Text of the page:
Turning back to the recent investigation of a prominent public company and its CEO over disclosures made on the CEO’s personal social media page, on April 2, 2013, the SEC issued a report of investigation of the subject events under Section 21(a) of the Exchange Act (Section 21(a) Report).2 The Commission usually avails itself of this provision of the Exchange Act when it seeks to make a policy announcement about an uncertain compliance matter in lieu of commencing an enforcement action. Here, the Commission did not bring any enforcement charges against the public company or its CEO.

For the first time, the Section 21(a) Report provides the Commission’s view that, under the right circumstances, issuer-sponsored social media can be a permissible channel of dissemination of information under Regulation FD. The Commission emphasized that the principles outlined in the 2008 Guidance — and specifically the concept that the investing public should be alerted to the channels of distribution a company will use to disseminate material information — apply with equal force to corporate disclosures made through social media channels.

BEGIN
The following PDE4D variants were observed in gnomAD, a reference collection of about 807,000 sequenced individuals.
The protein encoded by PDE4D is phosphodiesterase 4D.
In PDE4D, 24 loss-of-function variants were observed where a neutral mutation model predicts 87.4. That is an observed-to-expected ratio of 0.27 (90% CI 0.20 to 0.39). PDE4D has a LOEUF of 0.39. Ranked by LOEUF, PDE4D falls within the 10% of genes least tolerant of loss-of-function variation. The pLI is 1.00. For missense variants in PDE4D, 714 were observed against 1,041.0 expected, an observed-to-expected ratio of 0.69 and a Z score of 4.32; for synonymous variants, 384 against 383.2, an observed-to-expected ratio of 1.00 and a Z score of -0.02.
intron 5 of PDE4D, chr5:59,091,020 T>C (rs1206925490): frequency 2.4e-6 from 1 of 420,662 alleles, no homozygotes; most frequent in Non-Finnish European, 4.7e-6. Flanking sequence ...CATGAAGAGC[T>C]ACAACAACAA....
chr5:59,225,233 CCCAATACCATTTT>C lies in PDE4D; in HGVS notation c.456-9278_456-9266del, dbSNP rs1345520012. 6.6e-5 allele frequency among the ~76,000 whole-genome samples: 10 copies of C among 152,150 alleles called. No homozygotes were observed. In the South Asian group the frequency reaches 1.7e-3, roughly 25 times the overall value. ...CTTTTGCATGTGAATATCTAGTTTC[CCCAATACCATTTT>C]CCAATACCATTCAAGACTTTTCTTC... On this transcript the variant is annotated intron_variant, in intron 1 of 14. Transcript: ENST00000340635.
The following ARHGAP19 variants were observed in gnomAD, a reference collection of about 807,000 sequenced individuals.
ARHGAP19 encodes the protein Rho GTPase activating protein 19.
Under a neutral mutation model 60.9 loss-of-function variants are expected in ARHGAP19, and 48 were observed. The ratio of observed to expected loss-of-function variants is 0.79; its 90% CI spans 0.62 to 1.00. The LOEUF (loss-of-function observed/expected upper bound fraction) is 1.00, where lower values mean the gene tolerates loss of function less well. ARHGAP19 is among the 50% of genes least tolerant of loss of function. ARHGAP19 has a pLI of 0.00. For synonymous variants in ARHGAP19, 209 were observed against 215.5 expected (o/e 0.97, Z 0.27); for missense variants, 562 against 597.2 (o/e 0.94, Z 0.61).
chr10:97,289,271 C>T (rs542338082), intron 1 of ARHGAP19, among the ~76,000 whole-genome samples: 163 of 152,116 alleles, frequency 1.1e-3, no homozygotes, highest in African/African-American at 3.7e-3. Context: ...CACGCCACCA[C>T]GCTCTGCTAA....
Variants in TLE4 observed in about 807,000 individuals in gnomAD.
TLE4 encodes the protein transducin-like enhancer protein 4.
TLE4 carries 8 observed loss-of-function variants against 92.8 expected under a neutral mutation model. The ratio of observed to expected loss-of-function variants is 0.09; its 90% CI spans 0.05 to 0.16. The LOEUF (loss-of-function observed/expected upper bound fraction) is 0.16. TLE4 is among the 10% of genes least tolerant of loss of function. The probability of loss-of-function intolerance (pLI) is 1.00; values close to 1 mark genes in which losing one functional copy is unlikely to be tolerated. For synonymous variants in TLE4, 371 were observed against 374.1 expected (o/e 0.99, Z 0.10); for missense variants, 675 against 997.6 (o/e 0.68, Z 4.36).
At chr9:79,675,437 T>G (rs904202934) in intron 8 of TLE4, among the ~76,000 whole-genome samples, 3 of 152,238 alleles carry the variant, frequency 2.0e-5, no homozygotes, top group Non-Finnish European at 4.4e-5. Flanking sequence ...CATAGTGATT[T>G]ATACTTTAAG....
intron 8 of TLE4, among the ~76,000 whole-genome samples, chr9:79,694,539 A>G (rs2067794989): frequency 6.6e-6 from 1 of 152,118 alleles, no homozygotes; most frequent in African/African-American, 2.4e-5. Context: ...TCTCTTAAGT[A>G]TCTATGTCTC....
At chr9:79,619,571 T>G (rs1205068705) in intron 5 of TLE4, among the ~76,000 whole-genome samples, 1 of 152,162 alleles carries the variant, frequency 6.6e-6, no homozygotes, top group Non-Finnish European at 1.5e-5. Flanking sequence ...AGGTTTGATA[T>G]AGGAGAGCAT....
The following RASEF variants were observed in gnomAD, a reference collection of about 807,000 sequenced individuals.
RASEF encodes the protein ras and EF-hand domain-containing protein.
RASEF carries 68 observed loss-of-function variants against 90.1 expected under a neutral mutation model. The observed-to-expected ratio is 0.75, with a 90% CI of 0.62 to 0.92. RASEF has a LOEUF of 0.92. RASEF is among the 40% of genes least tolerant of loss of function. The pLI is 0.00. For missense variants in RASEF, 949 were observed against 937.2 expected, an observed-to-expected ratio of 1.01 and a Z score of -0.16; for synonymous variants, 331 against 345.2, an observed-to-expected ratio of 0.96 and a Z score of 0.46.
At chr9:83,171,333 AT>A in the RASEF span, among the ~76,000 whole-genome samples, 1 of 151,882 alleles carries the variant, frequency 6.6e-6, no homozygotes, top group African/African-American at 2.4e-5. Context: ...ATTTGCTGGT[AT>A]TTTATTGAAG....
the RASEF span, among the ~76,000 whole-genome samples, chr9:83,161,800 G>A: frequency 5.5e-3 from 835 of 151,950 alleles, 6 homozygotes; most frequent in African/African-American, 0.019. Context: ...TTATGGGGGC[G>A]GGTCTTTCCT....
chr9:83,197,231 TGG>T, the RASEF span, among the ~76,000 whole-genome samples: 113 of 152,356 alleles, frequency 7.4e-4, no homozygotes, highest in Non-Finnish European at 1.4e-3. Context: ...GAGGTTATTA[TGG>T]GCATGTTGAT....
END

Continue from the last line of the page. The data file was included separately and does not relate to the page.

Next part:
The Commission noted that the 2008 Guidance for websites encourages issuers to consider including in periodic reports and press releases the corporate website address and notice that the company routinely posts important information on that website. Likewise, in the Section 21(a) Report the Commission also encouraged public companies to disclose on their corporate websites the specific social media channels the company intends to use for the dissemination of material, nonpublic information, so that investors and the markets have the opportunity to take the steps necessary to be in a position to receive disclosures, such as subscribing, joining, registering or reviewing that particular channel. The Commission also indicated that other techniques for making social media outlets recognized channels of distribution under Regulation FD may be possible as well.